interference in the elections was just one big hoax? It was just made up?
Whatever happened to that claim?
Are we still trying to say that with Obama tapping his wires and all that?
Are we still saying that? Is that still the line we`re working? Just
curious. Should we chase that down?
I mean, when the attorney general of the United States goes before Congress
and says there was spying on the Trump campaign, that`s not a dog whistle
to the president and his allies about the thoroughly debunked conspiracy
theories about Robert Mueller and spying and President Obama having
wiretaps. I mean, that`s not a dog whistle. That`s an air horn.
And whatever reason Attorney General William Barr decided to blow that air
horn today, it`s interesting. It comes on the same day that we got fresh
evidence of how and why the investigation into Russia and the Trump
campaign really did begin in 2016. And specifically, how alarmed the
country`s top national security officials were at the intelligence they
were seeing and the evidence they were seeing and how seriously they took
their obligation to look into it.
Because all this happened today with the attorney general on the same day
that we got a new transcript of another day of testimony that the FBI`s
general counsel gave to Congress behind closed doors last October. This is
testimony that`s never before seen the light of day. It was – not
unsealed. It was released today by Republican members of the committee.
James Baker was the FBI`s general counsel in the summer of 2016 when the
counterintelligence investigation began into any potential links between
the Trump campaign and Russia interfering in the election. Here`s how
James Baker describes the beginning of the investigation. Again, this
transcript just released to the public for the first time today.
Quote: We were concerned that the Russians were engaged in an effort to try
to impact our elections, that particular election. And we were trying to
figure out exactly what they were doing and how they were doing it.
Question: Well, was the case a priority for the FBI? James Baker: Yes.
Question: Did you think that was the right decision? Baker: Yes.
Question: Why? Baker: because if the Russians were trying to influence
something as fundamental as a presidential election, I thought that would
be a particular threat to the country, because so much of our system
depends on the integrity of our elections. So much of our constitution
system depends on the integrity of the elections.
Question: Would that threat to the national security increase if the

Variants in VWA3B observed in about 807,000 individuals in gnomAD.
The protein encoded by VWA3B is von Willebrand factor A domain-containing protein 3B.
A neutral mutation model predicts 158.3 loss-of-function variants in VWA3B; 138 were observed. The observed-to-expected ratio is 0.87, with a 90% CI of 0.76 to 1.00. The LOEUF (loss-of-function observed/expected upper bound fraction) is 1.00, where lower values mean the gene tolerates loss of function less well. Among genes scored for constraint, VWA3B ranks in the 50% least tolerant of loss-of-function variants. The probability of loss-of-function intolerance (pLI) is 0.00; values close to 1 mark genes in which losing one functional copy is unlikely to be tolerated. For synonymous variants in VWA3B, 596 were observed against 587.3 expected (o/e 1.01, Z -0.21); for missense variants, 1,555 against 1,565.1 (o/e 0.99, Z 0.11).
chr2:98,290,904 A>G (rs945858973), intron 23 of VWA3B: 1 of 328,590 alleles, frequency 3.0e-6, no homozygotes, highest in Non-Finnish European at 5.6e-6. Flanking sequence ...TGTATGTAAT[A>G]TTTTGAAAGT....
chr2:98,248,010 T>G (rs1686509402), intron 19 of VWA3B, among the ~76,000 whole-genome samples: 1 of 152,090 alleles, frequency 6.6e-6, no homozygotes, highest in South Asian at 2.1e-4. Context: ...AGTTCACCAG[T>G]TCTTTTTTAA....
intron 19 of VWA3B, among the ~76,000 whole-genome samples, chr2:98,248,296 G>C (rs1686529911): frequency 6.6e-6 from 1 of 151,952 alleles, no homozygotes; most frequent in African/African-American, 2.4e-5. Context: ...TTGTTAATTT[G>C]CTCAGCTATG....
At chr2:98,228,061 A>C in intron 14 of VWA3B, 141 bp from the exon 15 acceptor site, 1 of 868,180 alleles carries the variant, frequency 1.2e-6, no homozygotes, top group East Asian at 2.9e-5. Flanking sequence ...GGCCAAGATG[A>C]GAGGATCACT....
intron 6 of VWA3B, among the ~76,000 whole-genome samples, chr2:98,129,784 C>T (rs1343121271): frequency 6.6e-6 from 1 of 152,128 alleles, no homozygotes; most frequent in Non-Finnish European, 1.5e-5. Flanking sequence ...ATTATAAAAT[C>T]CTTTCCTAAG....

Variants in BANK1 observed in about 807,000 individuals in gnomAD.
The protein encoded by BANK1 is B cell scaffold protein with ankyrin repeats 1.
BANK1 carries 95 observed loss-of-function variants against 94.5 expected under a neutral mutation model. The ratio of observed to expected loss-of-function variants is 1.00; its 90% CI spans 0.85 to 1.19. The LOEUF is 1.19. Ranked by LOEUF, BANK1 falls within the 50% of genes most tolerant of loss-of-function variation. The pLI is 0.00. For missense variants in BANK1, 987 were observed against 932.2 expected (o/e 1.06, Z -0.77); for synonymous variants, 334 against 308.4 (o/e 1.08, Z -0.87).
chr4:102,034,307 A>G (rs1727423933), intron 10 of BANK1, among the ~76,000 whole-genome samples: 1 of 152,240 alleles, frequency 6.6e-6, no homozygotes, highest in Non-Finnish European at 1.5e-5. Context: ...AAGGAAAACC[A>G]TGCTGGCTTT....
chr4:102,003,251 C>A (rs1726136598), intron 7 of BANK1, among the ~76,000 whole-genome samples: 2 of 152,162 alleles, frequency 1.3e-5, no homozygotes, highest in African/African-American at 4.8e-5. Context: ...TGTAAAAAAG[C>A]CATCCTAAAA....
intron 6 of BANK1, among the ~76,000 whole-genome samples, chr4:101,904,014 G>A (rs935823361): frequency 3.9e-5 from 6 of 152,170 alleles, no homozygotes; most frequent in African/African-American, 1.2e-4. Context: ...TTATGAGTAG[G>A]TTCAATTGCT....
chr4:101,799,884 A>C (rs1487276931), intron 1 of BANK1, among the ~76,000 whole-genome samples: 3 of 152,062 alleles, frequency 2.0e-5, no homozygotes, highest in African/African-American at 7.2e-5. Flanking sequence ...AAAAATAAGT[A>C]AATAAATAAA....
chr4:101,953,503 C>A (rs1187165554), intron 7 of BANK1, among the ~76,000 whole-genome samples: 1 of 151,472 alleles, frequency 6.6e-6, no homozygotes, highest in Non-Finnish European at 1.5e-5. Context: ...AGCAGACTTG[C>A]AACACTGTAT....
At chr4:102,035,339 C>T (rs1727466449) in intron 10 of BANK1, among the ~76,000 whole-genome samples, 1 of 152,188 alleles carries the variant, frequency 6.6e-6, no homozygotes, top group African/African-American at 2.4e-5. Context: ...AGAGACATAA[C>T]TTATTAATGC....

president was elect and therefore obtained classified briefings and was
exposed to the nation`s most secretive secrets if there was someone within
– if he or someone within his campaign had been in fact working with the
Russians? Answer, from Jim Baker: Let me answer that generally. I guess I
would say we would – I think we would – I think we were concerned about
anyone who might enter government and be in a position to have access to
classified or sensitive information who might provide that to a foreign
Question: How serious would that concern be? James Baker: Extremely
You know, with remarkable consistency every time we get one of these
transcripts from a senior FBI official, senior Justice Department official,
senior national security official who is at all involved in this
investigation, they describe their work in 2016 in these very simple terms.
They saw signs of the Russian government interfering to try to influence
our election, and they saw all these unexplained contacts between Russians
and the Trump campaign, and they were concerned about the implications of
that. They were concerned that the country and therefore the Trump
campaign itself, they were concerned that the campaign should be protected
from whatever was going on.
I mean, weirdly, it is the Republicans in Congress who have been
unilaterally releasing these transcripts over the past few weeks. I don`t
know what smoking gun they expect us to find here. I mean, nobody in these
interviews has even hinted at the possibility that there was any
politically motivated spying on the Trump campaign.
But you know what? Maybe it wasn`t the FBI. One of the odd things about
the attorney general`s testimony today is that even as he said he believed
spying on the Trump campaign did occur, he kept going out of his way to say
he was not necessarily talking about the FBI doing that spying. He was
talking about the intelligence community more broadly.
OK. What could he mean? If he is talking about the FBI and the Justice
Department, honestly, the FBI and the Justice Department are on the record
over and over again saying no, they didn`t do any spying on the Trump